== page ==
Exhibition review of "Stretching the Canvas: Eight Decades of Native Painting" at the George Gustav Heye Center of the National Museum of the American Indian
Jennifer S. Musawwir 11 October 2021
min Read9 August 2021
Paul Cezanne was widely misunderstood by his contemporaries. This shy man, who was a precursor of Cubism and Fauvism, loved to paint fruit (in art history called “still lifes”). This is all we know about Cezanne’s fruit:
These Apples are among his early work. They look quite real – this will change later.
His works are both traditional and modern. Cezanne’s fruit became quite abstract with time – later they were just splotch of color enclosed by a line. Like here, they don’t have any purpose except being decorative objects.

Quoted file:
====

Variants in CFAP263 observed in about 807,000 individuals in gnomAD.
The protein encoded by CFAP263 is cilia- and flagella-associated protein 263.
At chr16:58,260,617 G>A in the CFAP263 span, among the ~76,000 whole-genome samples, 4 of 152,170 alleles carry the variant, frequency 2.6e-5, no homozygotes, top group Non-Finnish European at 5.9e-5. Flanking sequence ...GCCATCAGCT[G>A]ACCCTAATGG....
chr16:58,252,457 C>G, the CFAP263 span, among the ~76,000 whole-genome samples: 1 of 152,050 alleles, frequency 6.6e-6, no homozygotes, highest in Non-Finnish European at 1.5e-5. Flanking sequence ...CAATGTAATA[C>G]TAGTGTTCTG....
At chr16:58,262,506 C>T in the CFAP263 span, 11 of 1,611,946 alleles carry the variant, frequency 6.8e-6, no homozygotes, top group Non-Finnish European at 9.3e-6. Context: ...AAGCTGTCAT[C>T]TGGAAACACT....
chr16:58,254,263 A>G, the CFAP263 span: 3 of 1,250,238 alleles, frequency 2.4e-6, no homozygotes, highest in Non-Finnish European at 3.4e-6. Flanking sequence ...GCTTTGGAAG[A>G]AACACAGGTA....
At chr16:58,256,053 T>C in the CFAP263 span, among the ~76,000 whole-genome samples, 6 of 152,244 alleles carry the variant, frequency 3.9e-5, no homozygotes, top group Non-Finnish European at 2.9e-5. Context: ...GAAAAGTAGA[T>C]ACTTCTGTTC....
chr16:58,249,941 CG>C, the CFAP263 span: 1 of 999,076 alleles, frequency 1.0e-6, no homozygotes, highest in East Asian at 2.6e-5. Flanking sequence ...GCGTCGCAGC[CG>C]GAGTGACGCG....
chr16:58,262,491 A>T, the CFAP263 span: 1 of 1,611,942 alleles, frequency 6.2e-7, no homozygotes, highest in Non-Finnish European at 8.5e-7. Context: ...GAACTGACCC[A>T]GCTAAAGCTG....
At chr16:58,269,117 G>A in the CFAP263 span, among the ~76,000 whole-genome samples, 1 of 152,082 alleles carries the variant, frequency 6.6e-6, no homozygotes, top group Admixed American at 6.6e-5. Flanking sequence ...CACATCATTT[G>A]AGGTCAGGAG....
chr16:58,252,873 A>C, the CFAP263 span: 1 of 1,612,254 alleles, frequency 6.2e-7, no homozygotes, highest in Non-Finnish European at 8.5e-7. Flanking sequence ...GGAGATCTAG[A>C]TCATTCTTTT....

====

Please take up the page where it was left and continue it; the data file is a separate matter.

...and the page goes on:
Cézanne was interested in the simplification of naturally occurring forms to their geometric essentials: he wanted to “treat nature by the cylinder, the sphere, the cone.” An apple or orange would be a sphere obviously.
Though a precursor of Cubism, Cezanne often created an illusion of depth – like in this painting, with the curtain at the back and the white sheets in the front.
Here we can see the beginning of a new system of representation, one that Cézanne would subsequently develop, and that would open the way to Cubism. While the fruit on the table is shown frontally, the perspective of the table is much more raked: in the same composition, the objects are painted from several different viewpoints.
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